The Perfect Jane Eyre



Have you ever despaired of ever seeing a “perfect” adaptation to one of your favorite stories?

Jane Eyre is one of those over-filmed classics. Every decade or so, a new screenwriter tackles the gothic romance full of insanity, devotion, and a choice between faith and desire. Yet, no adaptation has ever truly captured the nuances of the book, except for a little-known, short-lived (fortunately, available as an audio CD) Broadway musical. There, audiences can find the richness of Jane’s character, her desire to “wander,” and feel her raging indecision over pursuing the wishes of her heart and abiding by her moral integrity, set to music.

Nearly every adaptation of this wonderful tale removes the faith at its forefront, either deliberately or in such a way that it is simply under-played. As a believer who enjoys that aspect of the book (it is, after all, Jane’s only reason for leaving Rochester), I find that difficult to forgive. In the musical, faith is at the forefront of Jane’s decisions. She cries out to God on many occasions, as does Rochester in the end, who finds redemption in the closing lyrics, as Jane says, “we acknowledged with full hearts that God had tempered judgment with mercy.”

One of the most memorable songs is “Sirens” and its reprisal, where Rochester likens Jane to a siren, luring him to a watery death if he can’t resist “the darkness that invades my soul, it sucks my blood, it takes control.” Jane saves and condemns him for he knows in pursuing her, he’ll be damned. While Rochester sings of Jane’s hold over him, Jane sings a prayer for him: “God, save him if he can be saved, free him if his soul is enslaved, clear the clouded refuge of his mind, quell his anger, calm his storm, let his spirit be reborn, help him gather sight where he is blind!” In the reprisal, Jane considers running away with him and whether she can live with the shame of not sharing his name, while he tries to lure her back into his arms. The reprisal continues as a prayer, with Jane asking God, “Lord, is this what you would have me do, break my sacred vows to you? Destroy the laws of heaven here on earth?” In the chorus, the lyrics reverse (“let me sail away, and make this vow, that what my heart wants, I will not allow…”) and Jane flees her temptation, unlike Rochester.

Charlotte Brontë’s themes of religion and true faith are explored in the lyrical style of different characters. Jane represents the true believer, devoted to faithfulness to her Lord above all. Helen represents another selfless kind of love, in her encouragement for Jane to have faith during their time at school. Eventually, Rochester cries out to God and admits “the purifying flame has washed us clean… [in a] miracle of God.”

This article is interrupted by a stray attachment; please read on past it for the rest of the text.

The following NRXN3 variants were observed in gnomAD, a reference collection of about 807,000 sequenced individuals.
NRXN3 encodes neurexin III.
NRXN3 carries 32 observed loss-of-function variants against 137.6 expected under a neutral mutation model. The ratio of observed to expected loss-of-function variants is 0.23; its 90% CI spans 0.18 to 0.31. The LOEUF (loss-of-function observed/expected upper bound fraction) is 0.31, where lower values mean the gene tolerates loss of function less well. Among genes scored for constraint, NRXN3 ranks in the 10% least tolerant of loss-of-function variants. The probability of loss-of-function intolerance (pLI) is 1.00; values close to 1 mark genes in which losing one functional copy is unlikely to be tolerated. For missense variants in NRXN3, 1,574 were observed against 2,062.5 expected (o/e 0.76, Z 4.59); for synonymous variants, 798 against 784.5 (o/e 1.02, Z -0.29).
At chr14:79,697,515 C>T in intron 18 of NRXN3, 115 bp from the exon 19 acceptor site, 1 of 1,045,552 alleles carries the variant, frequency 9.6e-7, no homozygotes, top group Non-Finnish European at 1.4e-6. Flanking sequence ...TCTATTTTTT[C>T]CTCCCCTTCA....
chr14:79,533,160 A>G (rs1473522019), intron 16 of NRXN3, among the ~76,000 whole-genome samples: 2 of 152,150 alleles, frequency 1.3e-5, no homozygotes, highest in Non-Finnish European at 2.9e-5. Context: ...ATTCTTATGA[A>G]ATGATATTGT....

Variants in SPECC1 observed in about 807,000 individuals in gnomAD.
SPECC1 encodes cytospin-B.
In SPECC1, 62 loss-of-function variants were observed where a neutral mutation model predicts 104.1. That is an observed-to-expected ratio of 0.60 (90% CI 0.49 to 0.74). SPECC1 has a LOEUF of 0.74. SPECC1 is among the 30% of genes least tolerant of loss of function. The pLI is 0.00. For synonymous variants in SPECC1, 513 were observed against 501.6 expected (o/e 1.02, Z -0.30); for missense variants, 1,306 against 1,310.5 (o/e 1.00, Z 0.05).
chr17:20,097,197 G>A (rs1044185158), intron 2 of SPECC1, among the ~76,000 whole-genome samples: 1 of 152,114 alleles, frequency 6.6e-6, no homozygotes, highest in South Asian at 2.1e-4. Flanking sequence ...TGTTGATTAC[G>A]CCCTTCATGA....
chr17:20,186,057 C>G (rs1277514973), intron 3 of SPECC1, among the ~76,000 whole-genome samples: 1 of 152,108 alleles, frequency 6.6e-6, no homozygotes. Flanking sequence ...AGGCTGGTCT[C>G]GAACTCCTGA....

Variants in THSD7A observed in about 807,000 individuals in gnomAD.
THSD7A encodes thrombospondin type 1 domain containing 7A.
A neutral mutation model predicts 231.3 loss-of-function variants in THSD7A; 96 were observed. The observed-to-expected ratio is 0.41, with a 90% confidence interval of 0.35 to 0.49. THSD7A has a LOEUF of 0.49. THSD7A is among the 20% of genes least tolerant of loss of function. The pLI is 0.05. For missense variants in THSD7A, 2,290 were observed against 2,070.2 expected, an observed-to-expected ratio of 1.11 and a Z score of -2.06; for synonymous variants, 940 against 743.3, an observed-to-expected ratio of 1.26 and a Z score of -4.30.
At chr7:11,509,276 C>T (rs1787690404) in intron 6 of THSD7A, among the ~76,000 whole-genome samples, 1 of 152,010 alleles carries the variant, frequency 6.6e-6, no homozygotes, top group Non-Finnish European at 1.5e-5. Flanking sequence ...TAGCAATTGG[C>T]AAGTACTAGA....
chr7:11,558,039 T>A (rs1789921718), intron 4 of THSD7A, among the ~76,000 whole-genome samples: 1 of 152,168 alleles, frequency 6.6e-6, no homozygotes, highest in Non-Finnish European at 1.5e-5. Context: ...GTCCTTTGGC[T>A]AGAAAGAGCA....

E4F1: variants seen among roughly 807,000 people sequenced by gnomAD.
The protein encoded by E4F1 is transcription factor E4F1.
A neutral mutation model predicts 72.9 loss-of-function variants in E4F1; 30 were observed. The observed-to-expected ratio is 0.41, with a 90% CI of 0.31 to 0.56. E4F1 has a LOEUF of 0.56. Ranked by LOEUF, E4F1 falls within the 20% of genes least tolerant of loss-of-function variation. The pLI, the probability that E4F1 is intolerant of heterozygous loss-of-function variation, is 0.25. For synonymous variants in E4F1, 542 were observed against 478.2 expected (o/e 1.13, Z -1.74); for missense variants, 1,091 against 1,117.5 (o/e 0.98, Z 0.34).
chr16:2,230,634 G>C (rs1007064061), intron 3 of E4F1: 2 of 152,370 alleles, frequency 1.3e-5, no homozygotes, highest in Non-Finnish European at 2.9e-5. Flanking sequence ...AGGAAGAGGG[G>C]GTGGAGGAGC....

It’s only in the latter half of the story that the subtleties of Brontë’s over-reaching theme are apparent. Many of the lyrics are direct quotes from the novel, so the foreshadowing of Rochester’s blindness is startling. He and Jane reference his figurative blindness on many occasions, in an allusion to his later loss of literal sight. And when vocal references to blindness aren’t present, it’s still a constant undercurrent, such as in “The Gypsy,” where Rochester masquerades as a fortune-teller to discern Jane’s affections for him—and she can’t see through his façade, just as she can’t see past the larger deception that envelops Thornfield.

Even though the story is a serious drama, it has moments of levity and amusement as well, such as the duets with Mrs. Fairfax, who objects to certain things only to be softened toward them with a little persuasion. Even though portions of dialogue are missing, all the most important plot lines are set to music, which means the fullness of the story is experienced, right down to Jane’s unflattering comparison of herself to Blanche as she “pain[s] a portrait.” It plays out as beautifully musically as the book does for an engrossed reader; the music transcends and enhances the emotion of the story in such a way that we truly feel the intense emotional despair in them both, particularly as Rochester rages to the heavens over Jane’s departure.

Like many audio presentations, merely hearing the music allows us to create a rich visual world in our imagination, populated with images from the book rather than specific faces from various adaptations. Jane, for the first time, is a passionate, emotional character rather than stoic, a perfect match for Rochester’s tendency to become “lost in [his] pain.”

Even though you may never see this musical (except as a high school production), you can still listen to it in all its original Broadway glory, and that is a blessing, considering it’s the first and only adaptation that, for me, captures the true themes, passions, secrets, perils, foreshadowing, and emotional intensity of the book. ♥


ABOUT THE AUTHOR: Charity Bishop would dearly love to spend all her free time mulling over, theorizing, and philosophizing on the vast spiritual / moral lessons of cinema and Victorian literature, but alas, she must make a living, so her days are spent doing editorial work. She devotes her free time to babysitting her bipolar cat, writing books, blogging, and searching for spiritual truth in all aspects of life… when she isn’t editing Femnista!


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